How's Your Score?
Choosing a lender isn't the first step in becoming a homeowner. The quality of your wallet starts the home buying process. Putting back your money for a down payment is great, but if you don't have a strong credit score to reinforce it, you could find yourself renting for another couple of years in Grand Prairie, Texas until your score improves.
The Fair Isaac Company calculates your FICO score on the summary of your complete credit history. The score ranges from 300 to 850, with most people traditionally having a score of 600. Job loss has been common in the last few years, but FICO scores aren't necessarily adjusted "on a curve." A low score is just that and often means you can't get a decent interest rate. Some of the pieces in reviewing your FICO score are:
- Credit Inquiries — Do you have too many open accounts?
- Types of Credit — Do you have a healthy mix of loans and credit cards?
- Payment History — How many late payments have you made?
- Credit to Debt Ratio — How much do you owe versus your available credit?
Lenders want to be positive that giving you a loan is a safe move. Your FICO score gives lenders an insight into what type of borrower you are solely because of your credit history. You'll need a score of at least 700 to get a acceptable interest rate. If your score is lower, you can still qualify for a loan, but the interest accrued in the long run could be more than double the amount of an individual with a stronger credit score.
We're used to working with all tiers of credit history. Call us at (972) 504-8021 and we can help you get on the right track to the home of your dreams.
You want a higher score, but how do you get it? Improving your FICO score takes time. It can be rare to make a significant stride change in your number with small changes, but your score can improve in a few years by keeping tabs your credit report and by wisely using credit. The best way to do this is to know your FICO score. You'll improve your credit score by using these pointers:
- Use your credit. Whether you're just getting started with credit, or if you've got older cards, use your cards so that your accounts maintain an active status. But, pay them off in no more than two or three payments.
- Keep up with payments. Delinquent payments instantly lower your credit score. It's where people who have recently been unemployed see the biggest hit in their credit score. Yes, it takes longer to restore your credit with payment history, but it's the most reliable way to show that you're responsible enough to make payments to a bank.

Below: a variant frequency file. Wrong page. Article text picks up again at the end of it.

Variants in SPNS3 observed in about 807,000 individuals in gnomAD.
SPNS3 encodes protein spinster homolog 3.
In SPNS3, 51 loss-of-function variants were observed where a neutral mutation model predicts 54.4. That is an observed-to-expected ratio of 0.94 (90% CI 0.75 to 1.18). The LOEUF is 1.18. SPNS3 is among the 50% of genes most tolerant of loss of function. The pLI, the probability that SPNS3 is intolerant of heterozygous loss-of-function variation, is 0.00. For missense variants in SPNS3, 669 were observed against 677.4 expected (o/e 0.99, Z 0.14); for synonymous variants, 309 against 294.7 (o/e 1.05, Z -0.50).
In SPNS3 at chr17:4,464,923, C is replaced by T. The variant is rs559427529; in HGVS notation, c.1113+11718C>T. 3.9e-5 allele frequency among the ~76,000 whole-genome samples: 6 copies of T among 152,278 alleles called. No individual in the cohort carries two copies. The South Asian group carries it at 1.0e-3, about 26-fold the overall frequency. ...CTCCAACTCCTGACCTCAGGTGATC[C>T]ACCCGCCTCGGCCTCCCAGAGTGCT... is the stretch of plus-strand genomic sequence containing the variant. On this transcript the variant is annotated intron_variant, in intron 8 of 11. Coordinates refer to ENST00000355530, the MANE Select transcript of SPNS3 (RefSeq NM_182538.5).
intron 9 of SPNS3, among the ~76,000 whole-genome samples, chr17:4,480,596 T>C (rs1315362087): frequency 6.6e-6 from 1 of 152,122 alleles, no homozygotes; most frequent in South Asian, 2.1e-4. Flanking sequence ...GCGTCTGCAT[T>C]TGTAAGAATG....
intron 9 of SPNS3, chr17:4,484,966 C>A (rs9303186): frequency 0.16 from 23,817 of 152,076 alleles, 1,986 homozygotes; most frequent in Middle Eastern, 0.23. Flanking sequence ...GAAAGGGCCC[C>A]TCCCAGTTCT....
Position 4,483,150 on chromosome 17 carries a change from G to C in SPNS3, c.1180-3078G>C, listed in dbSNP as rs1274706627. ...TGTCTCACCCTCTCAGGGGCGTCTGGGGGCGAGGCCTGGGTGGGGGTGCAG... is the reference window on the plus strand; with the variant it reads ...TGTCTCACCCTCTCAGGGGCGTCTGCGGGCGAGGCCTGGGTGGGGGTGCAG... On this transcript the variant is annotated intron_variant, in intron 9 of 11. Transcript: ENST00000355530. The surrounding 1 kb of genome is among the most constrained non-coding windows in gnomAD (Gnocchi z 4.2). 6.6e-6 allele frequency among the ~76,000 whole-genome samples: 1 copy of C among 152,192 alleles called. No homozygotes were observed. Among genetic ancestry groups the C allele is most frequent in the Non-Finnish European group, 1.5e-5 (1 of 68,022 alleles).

- Ensure that your credit history is correct. If you discover incorrect items on your credit report, write to the bureau asking that the item be removed. If you have a common name or the same name as a family member, you'll want to give extra care to make sure the activity reported is correct.
- Even out your debt. At first, this doesn't sound like a good idea. But, you don't want to have one card that is at the maximum and have your remaining cards at a zero balance. It's better to have each of your cards at a lower balance than to have the most of your debt sitting on a single card.
- Retail cards and service station cards. For those who have non-existent credit or less-than-stellar credit, store credit cards and gas credit cards are ways to begin your credit history, increase your credit limits and stay on top of your payments, which will raise your FICO score. You must always avoid maintaining a high balance for more than a couple of months because these types of cards more than likely have a surprising interest rate.
Knowing the methods you can use to improve your FICO score, you're one step closer to becoming a homeowner. Keep in mind that when you're ready to apply for a loan to purchase a home, you'll want to keep your applications within a two-week window to avoid damaging your credit score. With the help of Target Cost Realty, LLC, the loan application process can be a stress-free experience so you, too, can achieve home ownership.
Learn more about FICO scores at myFICO.com, Fair Isaac's informational site and once per year, for free, you can review all three of your credit reports at annualcreditreport.com. And, for a small payment, you can get your FICO score from each bureau on their websites: equifax.com, experian.com and transunion.com.